Recently started a pool service. Question about vacuuming liner pools

cnshough

In The Industry
Jul 3, 2013
87
More specifically, I bought an above ground pool pump. It's a Blue Wave 1 HP pump. I bought adapters so that I could plug a short vacuum hose to the discharge side, and a vacuum hose to the intake side. The intake side will have a vacuum head attached to it, while the discharge side is just to dump the water. A sort of vacuum to waste, if you will. Mostly this will be used to clean above ground pools that have the pump filter that came with them that have gone green and the owner doesn't want to drain and refill. There are actually alot of those people in my area, and they are underserved. The problem is, I just tried it out on my in ground liner pool, and it is too powerful. It just sucks the liner right up. I know, I know, the brushes are worn down. No, it's a new brush. So, is there any way I can limit the amount of auction somehow? Is there a valve I could put between the end of the hose and the vacuum head that I could shut 25-50% to allow me to vacuum liner pools, both in ground and above ground?

As an aside, if I am correct, I should be able to add flocculant to these above ground customer's pools by using this same system, which when there is no vacuum attached would act as a sand filter would when it's valve is in the recirculate position. Am I wrong about that?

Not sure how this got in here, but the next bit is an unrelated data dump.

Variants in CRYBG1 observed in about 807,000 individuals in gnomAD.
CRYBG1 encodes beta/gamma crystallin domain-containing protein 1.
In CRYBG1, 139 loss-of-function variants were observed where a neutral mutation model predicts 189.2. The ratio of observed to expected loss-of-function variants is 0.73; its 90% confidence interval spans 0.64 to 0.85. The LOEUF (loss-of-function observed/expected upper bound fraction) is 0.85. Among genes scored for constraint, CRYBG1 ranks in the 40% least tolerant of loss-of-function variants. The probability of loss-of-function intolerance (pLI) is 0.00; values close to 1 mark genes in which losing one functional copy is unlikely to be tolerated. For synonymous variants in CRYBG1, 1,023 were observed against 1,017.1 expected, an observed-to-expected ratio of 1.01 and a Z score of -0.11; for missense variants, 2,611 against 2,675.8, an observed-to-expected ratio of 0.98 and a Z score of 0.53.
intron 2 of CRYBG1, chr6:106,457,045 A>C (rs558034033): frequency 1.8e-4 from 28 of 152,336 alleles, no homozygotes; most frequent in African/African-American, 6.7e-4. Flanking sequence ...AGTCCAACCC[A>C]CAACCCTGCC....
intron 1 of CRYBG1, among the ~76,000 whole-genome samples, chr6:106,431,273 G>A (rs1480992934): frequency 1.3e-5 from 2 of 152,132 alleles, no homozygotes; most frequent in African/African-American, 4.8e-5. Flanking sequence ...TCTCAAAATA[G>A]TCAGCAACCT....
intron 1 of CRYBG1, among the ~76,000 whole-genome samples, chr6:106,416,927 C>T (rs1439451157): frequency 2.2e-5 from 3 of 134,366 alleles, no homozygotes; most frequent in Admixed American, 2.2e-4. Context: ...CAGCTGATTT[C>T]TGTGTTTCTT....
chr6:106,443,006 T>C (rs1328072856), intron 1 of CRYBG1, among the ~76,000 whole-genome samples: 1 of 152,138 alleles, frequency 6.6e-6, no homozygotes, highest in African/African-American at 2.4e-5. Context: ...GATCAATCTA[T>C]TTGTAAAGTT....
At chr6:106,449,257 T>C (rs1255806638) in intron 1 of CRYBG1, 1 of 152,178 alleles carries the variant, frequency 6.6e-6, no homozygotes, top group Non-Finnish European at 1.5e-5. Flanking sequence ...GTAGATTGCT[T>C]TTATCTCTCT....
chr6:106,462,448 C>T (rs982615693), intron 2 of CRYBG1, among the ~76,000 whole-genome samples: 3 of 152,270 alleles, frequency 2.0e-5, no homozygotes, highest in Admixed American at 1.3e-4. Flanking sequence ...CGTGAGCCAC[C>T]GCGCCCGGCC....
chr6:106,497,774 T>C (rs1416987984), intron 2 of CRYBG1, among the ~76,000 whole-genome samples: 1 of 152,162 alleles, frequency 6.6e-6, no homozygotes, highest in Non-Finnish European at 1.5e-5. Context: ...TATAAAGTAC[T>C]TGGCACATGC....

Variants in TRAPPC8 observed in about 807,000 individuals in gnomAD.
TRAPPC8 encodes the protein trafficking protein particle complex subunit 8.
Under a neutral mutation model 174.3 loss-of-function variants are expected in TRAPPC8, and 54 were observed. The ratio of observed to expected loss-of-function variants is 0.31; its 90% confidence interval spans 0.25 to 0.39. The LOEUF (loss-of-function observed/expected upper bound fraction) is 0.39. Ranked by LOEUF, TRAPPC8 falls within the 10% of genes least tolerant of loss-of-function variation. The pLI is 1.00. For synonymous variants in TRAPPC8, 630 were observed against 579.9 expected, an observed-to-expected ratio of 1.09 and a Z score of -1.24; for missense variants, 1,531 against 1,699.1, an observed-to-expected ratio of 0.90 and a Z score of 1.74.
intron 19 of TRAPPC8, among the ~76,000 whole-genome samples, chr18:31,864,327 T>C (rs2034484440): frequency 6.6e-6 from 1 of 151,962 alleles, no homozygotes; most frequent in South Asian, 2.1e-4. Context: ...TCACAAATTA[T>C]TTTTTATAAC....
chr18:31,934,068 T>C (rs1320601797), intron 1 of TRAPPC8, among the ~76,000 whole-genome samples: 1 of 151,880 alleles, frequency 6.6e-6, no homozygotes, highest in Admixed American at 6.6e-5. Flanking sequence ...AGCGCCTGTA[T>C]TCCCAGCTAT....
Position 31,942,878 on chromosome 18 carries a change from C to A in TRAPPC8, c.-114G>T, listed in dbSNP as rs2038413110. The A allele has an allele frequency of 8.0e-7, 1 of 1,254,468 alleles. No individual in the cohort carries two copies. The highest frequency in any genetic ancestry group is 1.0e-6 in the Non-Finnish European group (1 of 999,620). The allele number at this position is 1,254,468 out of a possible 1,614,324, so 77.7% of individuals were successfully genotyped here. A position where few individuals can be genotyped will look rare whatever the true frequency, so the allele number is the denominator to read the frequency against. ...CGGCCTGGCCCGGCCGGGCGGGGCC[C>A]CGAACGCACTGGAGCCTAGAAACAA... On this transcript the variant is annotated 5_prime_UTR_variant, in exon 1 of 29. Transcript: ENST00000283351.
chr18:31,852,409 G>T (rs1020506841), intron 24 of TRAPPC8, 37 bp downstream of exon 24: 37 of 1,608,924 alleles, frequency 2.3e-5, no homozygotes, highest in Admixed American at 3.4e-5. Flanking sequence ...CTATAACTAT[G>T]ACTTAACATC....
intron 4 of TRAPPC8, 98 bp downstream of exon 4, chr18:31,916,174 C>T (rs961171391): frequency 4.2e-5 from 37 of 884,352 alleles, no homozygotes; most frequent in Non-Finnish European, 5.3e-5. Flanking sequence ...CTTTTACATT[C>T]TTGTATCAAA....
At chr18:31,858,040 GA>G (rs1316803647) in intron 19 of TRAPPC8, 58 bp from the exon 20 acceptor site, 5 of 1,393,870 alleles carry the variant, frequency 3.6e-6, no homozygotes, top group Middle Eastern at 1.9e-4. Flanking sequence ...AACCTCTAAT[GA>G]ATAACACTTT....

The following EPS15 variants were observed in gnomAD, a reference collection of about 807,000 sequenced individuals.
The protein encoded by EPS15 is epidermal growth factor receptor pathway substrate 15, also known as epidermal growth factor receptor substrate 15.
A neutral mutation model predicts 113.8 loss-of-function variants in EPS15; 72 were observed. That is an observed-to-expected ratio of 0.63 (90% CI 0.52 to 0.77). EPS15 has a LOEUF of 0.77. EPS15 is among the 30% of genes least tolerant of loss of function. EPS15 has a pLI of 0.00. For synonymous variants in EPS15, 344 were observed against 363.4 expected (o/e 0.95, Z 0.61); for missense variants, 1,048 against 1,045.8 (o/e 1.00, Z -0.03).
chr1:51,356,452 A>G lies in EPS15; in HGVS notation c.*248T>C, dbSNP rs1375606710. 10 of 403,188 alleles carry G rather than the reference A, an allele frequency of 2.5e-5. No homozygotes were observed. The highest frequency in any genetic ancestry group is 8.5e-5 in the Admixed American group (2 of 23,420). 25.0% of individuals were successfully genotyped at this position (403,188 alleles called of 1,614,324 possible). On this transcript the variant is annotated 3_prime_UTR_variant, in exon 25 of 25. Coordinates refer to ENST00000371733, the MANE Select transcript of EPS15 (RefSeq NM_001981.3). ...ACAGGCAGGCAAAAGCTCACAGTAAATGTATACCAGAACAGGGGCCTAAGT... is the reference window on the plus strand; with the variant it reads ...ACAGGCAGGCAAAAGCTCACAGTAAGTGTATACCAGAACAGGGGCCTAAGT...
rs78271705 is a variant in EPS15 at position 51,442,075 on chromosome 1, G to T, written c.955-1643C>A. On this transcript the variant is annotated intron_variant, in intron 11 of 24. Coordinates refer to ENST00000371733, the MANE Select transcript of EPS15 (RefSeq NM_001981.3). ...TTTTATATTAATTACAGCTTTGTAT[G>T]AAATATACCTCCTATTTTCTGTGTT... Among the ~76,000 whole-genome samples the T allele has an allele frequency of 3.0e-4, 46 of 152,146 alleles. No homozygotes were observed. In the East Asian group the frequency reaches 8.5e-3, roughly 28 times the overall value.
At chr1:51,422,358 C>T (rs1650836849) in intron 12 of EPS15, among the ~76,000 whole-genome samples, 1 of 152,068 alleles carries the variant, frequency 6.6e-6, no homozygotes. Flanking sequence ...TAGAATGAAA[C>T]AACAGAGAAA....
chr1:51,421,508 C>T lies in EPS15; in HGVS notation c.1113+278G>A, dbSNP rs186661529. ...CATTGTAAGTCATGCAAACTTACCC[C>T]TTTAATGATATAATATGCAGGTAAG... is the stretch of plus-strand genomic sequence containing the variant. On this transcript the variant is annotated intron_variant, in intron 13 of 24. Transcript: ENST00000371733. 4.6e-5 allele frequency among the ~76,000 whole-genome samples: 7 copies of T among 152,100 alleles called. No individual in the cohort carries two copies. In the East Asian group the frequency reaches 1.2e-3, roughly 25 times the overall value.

Newdude

Well-known member
Jun 16, 2019
974
NY
A valve on the suction side might collapse your hose if the pump pulls too hard. I imagine a valve on the discharge side would slow the pump down just as well, but no idea if you'd be reducing its lifespan by putting the extra load on it.
 

Oly

Gold Supporter
Jun 28, 2017
1,149
Fresno, CA
How about installing a ""T" between the hose and vac head to split the suction and using the valve on the open end to regulate vac head pull. You could also modify the head to stand off the bottom and increase the suction area.
 
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JamesW

TFP Expert
Mar 2, 2011
16,334
Put a valve on the discharge and control the suction by closing down the valve as much as necessary. As long as you don't close the valve completely, it won't damage the pump.
 

cnshough

In The Industry
Jul 3, 2013
87
How about installing a ""T" between the hose and vac head to split the suction and using the valve on the open end to regulate vac head pull. You could also modify the head to stand off the bottom and increase the suction area.

What would modifying the head involve? I can't picture it
 

Oly

Gold Supporter
Jun 28, 2017
1,149
Fresno, CA
Rather than decrease your suction, increase the size of your vac head so it can pull more water/trash and not pull up the liner. Perhaps this is a simple as buying a larger vac head with wheels to raise the suction port. I would try several larger off the shelf types first. You could DIY something with adjustable wheels, it does not have to be pretty. Time is money in business, suck more push less. ;)
 

JamesW

TFP Expert
Mar 2, 2011
16,334
A better vacuum head would help, but you should put a valve on the discharge to give you control of the suction.